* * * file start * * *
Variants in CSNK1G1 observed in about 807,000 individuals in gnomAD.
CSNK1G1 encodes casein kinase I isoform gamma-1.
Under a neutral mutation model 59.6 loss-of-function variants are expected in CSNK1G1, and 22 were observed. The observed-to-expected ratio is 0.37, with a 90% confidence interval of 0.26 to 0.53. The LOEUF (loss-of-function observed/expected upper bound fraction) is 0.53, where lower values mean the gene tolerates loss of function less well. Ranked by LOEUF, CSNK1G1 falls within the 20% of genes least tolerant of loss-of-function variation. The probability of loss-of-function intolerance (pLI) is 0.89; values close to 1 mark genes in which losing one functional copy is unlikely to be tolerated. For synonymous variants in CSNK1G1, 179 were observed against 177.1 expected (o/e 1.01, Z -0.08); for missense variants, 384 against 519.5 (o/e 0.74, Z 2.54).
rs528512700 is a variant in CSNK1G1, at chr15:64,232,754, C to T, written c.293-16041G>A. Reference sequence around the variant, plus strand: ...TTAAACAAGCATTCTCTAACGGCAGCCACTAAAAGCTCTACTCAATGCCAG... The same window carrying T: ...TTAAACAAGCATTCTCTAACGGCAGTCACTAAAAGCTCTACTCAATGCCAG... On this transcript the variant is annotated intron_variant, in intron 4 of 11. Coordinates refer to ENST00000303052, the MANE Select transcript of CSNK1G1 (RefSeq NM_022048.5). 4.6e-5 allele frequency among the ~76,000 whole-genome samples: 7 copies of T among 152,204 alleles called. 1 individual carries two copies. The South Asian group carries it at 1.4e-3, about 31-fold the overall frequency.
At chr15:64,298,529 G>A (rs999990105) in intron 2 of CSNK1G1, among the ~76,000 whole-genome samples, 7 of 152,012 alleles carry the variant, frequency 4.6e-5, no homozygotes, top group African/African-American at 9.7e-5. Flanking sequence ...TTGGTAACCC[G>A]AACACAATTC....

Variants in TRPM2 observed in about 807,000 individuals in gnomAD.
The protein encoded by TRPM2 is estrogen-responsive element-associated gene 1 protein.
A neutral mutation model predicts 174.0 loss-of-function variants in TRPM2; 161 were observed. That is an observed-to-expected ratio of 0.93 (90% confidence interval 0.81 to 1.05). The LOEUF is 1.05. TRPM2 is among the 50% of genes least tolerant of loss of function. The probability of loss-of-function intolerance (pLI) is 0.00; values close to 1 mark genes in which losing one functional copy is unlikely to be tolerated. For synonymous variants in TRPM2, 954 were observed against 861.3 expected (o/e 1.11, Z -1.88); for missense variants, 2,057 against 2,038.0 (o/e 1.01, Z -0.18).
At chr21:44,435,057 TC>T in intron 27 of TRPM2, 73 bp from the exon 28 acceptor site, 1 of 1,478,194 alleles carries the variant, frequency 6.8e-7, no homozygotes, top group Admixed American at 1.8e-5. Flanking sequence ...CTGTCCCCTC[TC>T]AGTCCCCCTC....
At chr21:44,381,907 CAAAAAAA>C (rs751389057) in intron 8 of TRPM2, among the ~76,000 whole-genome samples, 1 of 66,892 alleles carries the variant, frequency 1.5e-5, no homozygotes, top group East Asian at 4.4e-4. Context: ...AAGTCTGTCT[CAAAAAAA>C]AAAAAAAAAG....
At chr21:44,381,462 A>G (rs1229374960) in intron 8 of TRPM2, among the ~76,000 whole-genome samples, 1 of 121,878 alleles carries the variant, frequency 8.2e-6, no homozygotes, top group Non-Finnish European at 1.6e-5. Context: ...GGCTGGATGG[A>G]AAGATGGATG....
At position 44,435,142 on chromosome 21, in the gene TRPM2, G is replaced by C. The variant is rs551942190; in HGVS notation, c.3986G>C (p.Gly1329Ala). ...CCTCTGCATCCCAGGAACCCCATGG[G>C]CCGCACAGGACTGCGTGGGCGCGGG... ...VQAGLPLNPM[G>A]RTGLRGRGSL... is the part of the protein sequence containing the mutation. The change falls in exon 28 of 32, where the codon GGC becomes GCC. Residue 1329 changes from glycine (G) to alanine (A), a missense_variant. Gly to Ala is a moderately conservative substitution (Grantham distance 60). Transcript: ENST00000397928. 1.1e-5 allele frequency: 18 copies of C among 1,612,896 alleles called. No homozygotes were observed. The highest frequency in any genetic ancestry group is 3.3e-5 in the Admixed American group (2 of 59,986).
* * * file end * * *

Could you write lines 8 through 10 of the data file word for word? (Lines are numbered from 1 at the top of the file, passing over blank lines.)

A neutral mutation model predicts 174.0 loss-of-function variants in TRPM2; 161 were observed. That is an observed-to-expected ratio of 0.93 (90% confidence interval 0.81 to 1.05). The LOEUF is 1.05. TRPM2 is among the 50% of genes least tolerant of loss of function. The probability of loss-of-function intolerance (pLI) is 0.00; values close to 1 mark genes in which losing one functional copy is unlikely to be tolerated. For synonymous variants in TRPM2, 954 were observed against 861.3 expected (o/e 1.11, Z -1.88); for missense variants, 2,057 against 2,038.0 (o/e 1.01, Z -0.18).
At chr21:44,435,057 TC>T in intron 27 of TRPM2, 73 bp from the exon 28 acceptor site, 1 of 1,478,194 alleles carries the variant, frequency 6.8e-7, no homozygotes, top group Admixed American at 1.8e-5. Flanking sequence ...CTGTCCCCTC[TC>T]AGTCCCCCTC....
At chr21:44,381,907 CAAAAAAA>C (rs751389057) in intron 8 of TRPM2, among the ~76,000 whole-genome samples, 1 of 66,892 alleles carries the variant, frequency 1.5e-5, no homozygotes, top group East Asian at 4.4e-4. Context: ...AAGTCTGTCT[CAAAAAAA>C]AAAAAAAAAG....